Monday, December 5, 2011

Saraswati

As we move into the season of crystallized water, of frost and ice and snow, I have been thinking about creativity.  Even as a current of deep water continues to flow under the river’s thick ice, how can we keep our own creativity flowing through the dark and inward season of winter?

 At this time of year, lulled by the warmth of the woodstove and the early darkness, it can be easy to sink into a soup-induced stupor and simply stagnate on the couch.  Although deep rest is natural and restorative at this time of year, the Dreamtime of Winter is actually a season of inherent creative potential.  All things begin the darkness: birds in their eggs, babies in bellies, seeds tucked into the soil, dreams in our subconscious.  This dark, quiet time of year from Samhain (Halloween) to Winter Solstice is a time of conception, of setting intentions, of getting clear about what it is we want to manifest and create.  The Winter Solstice heralds the return of the light, the lengthening of days, and the promise of new beginnings.

It is Saraswati, the Hindu goddess of artistic expression, creative flow, and initiation, who holds this energy of the first ray of sunlight coming up over the hills on Solstice morning.  It is she who flows beneath the surface of the frozen river water, reminding of us of the presence of possibility and potential even when things seem stuck or stagnant.  Riding on her white swan, a lute and a scroll in her hands, she is the words that flow from our mouths when we sing, from our pens when we write.   She is the artistry that flows from our brushes when we paint, from our bodies when we dance or practice yoga.  



Before she was considered the goddess of art and wisdom, Saraswati was originally a river goddess.  As the mineral-rich snows melt from the high mountains and flow down to nourish the valleys below, so our ideas, concepts, and knowledge flow down from the third eye (Brahma, the mind) to the throat chakra where they are expressed outwardly in the form of speech, song, poetry, or story.  Saraswati is sometimes called “Vach,” (as in our words “vocal” or “voice”), the Goddess of Divine Speech.  When we string together letters to make words, and words to make sentences, we are spelling.  (Yes, as in “to cast a spell.”)  Saraswati embodies Matrika Shakti, the power to give meaning to words, and the power to manifest ideas into reality, powers that all of us have.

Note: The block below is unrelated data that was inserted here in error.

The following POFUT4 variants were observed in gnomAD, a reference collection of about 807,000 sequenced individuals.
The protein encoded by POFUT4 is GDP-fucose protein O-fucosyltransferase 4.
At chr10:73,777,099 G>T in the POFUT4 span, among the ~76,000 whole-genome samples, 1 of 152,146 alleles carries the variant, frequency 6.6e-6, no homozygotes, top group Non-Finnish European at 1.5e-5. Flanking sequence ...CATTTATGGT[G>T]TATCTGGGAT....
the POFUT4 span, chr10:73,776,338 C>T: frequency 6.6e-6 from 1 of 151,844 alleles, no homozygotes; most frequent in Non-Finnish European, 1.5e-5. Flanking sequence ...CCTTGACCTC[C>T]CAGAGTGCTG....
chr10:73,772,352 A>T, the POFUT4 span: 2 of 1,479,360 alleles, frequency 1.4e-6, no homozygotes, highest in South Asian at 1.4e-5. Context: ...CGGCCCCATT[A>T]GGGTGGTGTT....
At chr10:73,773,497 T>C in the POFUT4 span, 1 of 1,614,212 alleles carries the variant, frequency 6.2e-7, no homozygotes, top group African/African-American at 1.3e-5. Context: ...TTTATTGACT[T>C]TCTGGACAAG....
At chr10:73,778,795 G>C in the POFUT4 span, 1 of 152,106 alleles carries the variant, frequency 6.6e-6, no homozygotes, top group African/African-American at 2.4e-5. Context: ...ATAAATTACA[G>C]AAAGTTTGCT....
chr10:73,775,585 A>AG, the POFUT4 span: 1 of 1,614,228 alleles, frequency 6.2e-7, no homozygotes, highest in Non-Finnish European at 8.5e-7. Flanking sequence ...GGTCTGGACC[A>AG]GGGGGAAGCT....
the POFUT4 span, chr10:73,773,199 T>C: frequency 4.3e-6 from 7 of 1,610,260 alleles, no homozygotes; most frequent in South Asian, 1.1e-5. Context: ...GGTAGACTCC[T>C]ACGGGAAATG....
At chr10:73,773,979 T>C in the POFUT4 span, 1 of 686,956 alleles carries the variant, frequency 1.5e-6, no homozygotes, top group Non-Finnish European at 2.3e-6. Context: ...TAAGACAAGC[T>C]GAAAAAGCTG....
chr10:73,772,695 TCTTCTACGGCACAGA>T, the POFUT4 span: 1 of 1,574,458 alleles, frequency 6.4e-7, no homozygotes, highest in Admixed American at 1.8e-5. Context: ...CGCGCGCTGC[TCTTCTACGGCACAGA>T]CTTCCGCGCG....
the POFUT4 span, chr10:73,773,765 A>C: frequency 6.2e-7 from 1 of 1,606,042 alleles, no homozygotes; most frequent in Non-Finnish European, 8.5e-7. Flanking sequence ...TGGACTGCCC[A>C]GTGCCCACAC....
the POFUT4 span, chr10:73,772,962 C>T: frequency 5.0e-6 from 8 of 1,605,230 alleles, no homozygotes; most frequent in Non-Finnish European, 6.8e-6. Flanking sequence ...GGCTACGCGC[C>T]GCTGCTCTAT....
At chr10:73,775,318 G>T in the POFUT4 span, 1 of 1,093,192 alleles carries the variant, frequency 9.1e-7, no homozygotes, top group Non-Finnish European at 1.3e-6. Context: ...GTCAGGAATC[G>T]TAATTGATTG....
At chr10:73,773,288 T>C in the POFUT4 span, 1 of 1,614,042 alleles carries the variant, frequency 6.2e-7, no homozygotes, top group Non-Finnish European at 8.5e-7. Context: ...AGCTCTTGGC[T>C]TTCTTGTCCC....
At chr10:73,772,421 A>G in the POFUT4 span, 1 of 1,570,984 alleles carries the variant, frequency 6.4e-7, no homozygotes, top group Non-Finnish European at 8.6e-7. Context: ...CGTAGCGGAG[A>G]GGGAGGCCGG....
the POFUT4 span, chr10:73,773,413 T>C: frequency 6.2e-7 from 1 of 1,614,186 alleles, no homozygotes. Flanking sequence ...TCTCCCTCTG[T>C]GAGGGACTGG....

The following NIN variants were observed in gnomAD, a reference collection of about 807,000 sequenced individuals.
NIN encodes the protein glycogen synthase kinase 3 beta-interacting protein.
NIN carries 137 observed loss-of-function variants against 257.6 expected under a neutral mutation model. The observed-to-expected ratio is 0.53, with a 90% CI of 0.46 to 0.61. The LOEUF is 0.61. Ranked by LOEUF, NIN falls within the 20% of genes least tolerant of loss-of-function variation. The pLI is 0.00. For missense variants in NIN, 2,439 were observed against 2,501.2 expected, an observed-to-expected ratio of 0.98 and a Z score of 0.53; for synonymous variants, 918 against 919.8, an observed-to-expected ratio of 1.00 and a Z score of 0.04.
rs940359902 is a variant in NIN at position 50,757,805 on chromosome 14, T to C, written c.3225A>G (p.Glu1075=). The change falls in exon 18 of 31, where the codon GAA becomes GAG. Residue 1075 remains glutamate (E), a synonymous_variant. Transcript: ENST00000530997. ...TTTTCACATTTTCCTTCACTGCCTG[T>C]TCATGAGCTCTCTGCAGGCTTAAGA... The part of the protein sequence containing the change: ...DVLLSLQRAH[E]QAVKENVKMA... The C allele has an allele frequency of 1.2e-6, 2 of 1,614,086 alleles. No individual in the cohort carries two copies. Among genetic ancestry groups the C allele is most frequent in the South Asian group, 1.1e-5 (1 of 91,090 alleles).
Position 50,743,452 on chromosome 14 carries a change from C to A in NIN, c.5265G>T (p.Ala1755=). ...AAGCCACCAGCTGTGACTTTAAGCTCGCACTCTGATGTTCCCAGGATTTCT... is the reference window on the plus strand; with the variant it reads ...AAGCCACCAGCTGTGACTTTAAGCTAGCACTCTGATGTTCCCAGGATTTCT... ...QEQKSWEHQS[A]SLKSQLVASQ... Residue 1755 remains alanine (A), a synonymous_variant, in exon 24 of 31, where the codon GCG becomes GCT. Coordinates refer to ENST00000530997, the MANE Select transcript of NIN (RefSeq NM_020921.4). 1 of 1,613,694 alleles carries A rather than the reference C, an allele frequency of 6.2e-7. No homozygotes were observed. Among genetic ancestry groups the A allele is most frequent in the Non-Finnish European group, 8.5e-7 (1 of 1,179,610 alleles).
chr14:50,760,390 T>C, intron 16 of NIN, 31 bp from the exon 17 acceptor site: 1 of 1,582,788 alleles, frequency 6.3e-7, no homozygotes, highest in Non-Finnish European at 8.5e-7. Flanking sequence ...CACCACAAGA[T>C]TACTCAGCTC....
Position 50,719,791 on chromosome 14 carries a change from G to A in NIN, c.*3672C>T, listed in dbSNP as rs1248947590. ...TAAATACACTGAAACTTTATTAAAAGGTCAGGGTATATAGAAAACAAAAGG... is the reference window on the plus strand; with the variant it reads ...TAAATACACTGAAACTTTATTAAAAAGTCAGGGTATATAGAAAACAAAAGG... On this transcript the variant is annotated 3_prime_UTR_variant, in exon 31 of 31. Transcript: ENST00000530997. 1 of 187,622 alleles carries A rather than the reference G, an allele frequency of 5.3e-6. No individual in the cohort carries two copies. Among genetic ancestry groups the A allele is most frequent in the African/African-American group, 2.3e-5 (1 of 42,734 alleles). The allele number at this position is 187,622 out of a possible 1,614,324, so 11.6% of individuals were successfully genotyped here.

As we approach the Winter Solstice, it is time to make intention, to choose carefully the words that will empower us to manifest the creations we envision.   Because we are mostly made of water, we hold the energetic imprint of our intentions on a cellular level.  So choose mindfully!  

Creativity has its own flow and rhythm.  Just as the moon phases and the tides pulse, just as the wheel of the year turns and the white swans migrate over shifting landscapes, our own creative juices ebb and flow.  Just as a river needs its banks, our creativity needs a container to help channel and focus its energy.  A little structure goes a long way.  A well-crafted intention can serve this purpose, especially in the form a simple commitment, such as, “I will write at least one page in my journal every night,” or, “I will go to at least one dance class a week.” 



In the coming weeks, as you sit on your yoga mat, your meditation cushion, or even on the couch by the woodstove, use your exhalations to imagine obstacles to your intentions (such as “I don’t have time for that,” or “I’m not really good at that,” etc.) melting away from you like snow melting into the earth to be recycled into next year’s growth.  With every new breath (in-spir-ation) lovingly repeat your intention aloud or to yourself.  Feel the flow of your breath, the current of your aliveness, the gift of creative energy: Shakti.

Many Blessings on your sacred journey across the dark womb waters of winter.  May the return of the light bring you the joy of seeing your creative visions and intentions manifest into reality!

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